After coyote attack in Misquamicut, officials remind residents to take safety precautions

A coyote in Watch Hill. Sun file photo

WESTERLY — One after the other, resident after resident addressed the Town Council Monday to talk about their experiences with coyotes.

The comments, many describing frightening encounters with the wild animals or incidents in which dogs were attacked, followed a presentation by Animal Control Officer Arthur Smith on an education program aimed at keeping coyotes in the woods. Some residents were receptive to the program and others called it a first step but some were dismissive, saying the real problem involves coyotes that have become habituated to humans and won’t stop until they are killed. In all, the council spent about two hours on the topic of coyotes.

In addition to eliminating potential food supplies for coyotes by securing trash receptacles and not leaving pet food outdoors, Smith said “hazing” — methods such as repeatedly yelling or clanging pots and pans — is an effective way to push coyotes back into the woods.

Michele Vacca, moderator of the Misquamicut Fire District and a real estate agent who markets rental properties for summer getaways, said two of her tenants and three landlords had dogs attacked by coyotes in Misquamicut last summer. Two of the dogs died, she said.

“The coyotes are out of control. This is something that has to be addressed in the fall,” Vacca said, going on to call the suggestion of using pots and pans “ridiculous.”

While she said she would verbally warn tenants about the presence of coyotes in the area, Vacca said she would not give them a copy of a letter Smith sent to real estate agents for fear of scaring customers away.

Amy Stowe, a Misquamicut resident, described an incident involving a coyote that jumped over a fence and into her backyard while she and her dog were outside on a summer evening. The coyote grabbed her dog by the neck but eventually let go when Stowe yelled at the wild animal. Her dog required immediate care from a veterinarian, Stowe said.

Rob Saglio, a resident who started the Westerly Coyote Report Facebook page, thanked Smith and Chief of Police Shawn Lacey for meeting with him and praised the education program but said he was doubtful problems with habituated coyotes would diminish without a planned effort to kill the habituated animals. Saglio said an effort to cull two dens of coyotes at the Avondale Preserve last winter appears to have worked. “Now they are behaving like wild coyotes,” Saglio said, and no problems have been reported at the preserve this spring.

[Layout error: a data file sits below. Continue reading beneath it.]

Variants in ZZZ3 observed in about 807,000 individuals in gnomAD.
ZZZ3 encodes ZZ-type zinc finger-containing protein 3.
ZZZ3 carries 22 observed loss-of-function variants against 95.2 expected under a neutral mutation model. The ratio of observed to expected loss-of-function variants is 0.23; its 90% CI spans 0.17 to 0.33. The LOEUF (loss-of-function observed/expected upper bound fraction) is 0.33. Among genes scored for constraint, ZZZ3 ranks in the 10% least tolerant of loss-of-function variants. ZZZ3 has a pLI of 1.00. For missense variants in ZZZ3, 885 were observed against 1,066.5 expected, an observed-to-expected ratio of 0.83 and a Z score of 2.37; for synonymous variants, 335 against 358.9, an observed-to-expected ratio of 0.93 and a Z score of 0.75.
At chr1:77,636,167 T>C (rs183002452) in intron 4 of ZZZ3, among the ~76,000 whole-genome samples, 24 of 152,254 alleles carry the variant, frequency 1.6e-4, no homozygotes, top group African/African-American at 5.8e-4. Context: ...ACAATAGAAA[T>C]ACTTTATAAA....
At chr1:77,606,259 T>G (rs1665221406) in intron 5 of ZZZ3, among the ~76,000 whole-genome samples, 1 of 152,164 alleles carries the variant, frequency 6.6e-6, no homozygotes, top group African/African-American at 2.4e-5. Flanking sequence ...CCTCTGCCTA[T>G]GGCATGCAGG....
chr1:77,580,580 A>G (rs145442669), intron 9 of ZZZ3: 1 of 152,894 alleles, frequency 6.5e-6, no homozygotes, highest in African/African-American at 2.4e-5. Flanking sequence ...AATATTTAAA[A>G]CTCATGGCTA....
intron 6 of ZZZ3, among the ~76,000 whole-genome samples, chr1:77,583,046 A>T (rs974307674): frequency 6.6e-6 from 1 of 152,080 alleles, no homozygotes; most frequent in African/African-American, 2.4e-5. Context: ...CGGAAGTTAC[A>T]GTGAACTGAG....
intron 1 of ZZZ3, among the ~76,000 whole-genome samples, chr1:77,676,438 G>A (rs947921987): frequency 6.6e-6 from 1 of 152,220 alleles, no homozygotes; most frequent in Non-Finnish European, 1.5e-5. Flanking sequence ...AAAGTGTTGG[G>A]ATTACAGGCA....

Smith said coyotes now live throughout the Northeast. After researching the animals and how other communities have responded to them, Smith said he learned that efforts to cull the coyote population by killing them is “no more than a short term solution.”

The ongoing program also involved Smith writing to business owners and asking them to secure garbage receptacles.

“If you take away the food source you take away the urbanized coyotes,” Smith said.

He also advises keeping a close eye on pets and keeping dogs on leashes.

According to Smith, he has not received any reports of coyote “incidents” since October, but he acknowledged that residents might classify their encounters with the animals differently. As he continues the education program, Smith said he hoped to conduct public meetings and to meet with local fire districts.

Town Councilor Karen Cioffi said she and many residents are frightened of coyotes and asked Smith to acknowledge their feelings.

Former Town Councilor Philip Overton advised against a potential town-organized culling effort, saying coyotes in the region are “very easy to co-exist with by simply modifying behavior.” Eliminating the food supply in backyards and keeping a close eye on pets are necessary, he said.

Council President Christopher Duhamel said the council would evaluate the effectiveness of the education program in the fall.

Town Council member Suzanne Giorno recommended performing research to determine the exact type of coyote that is causing problems. Smith and others said the coyotes in the town could be mixed with other animals. The problem animals should also be tracked, Giorno said.

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